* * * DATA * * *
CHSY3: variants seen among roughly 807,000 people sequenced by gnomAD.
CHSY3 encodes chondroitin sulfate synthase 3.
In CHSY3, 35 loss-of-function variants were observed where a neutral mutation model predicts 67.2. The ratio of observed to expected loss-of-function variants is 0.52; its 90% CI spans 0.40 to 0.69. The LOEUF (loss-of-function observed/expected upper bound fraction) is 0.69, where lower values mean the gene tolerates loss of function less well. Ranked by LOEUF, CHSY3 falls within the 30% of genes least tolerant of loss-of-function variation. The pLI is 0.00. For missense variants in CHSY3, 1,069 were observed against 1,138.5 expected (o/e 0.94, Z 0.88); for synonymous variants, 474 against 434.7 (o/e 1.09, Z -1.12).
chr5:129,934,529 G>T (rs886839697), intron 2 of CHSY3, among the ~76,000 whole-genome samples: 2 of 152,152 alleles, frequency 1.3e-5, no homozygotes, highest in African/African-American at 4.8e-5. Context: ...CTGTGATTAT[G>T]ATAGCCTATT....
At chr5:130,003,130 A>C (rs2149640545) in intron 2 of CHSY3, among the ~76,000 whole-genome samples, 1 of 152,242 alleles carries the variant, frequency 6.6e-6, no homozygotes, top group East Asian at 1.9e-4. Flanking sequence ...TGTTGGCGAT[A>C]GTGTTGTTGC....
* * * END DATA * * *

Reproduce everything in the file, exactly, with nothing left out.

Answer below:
CHSY3: variants seen among roughly 807,000 people sequenced by gnomAD.
CHSY3 encodes chondroitin sulfate synthase 3.
In CHSY3, 35 loss-of-function variants were observed where a neutral mutation model predicts 67.2. The ratio of observed to expected loss-of-function variants is 0.52; its 90% CI spans 0.40 to 0.69. The LOEUF (loss-of-function observed/expected upper bound fraction) is 0.69, where lower values mean the gene tolerates loss of function less well. Ranked by LOEUF, CHSY3 falls within the 30% of genes least tolerant of loss-of-function variation. The pLI is 0.00. For missense variants in CHSY3, 1,069 were observed against 1,138.5 expected (o/e 0.94, Z 0.88); for synonymous variants, 474 against 434.7 (o/e 1.09, Z -1.12).
chr5:129,934,529 G>T (rs886839697), intron 2 of CHSY3, among the ~76,000 whole-genome samples: 2 of 152,152 alleles, frequency 1.3e-5, no homozygotes, highest in African/African-American at 4.8e-5. Context: ...CTGTGATTAT[G>T]ATAGCCTATT....
At chr5:130,003,130 A>C (rs2149640545) in intron 2 of CHSY3, among the ~76,000 whole-genome samples, 1 of 152,242 alleles carries the variant, frequency 6.6e-6, no homozygotes, top group East Asian at 1.9e-4. Flanking sequence ...TGTTGGCGAT[A>C]GTGTTGTTGC....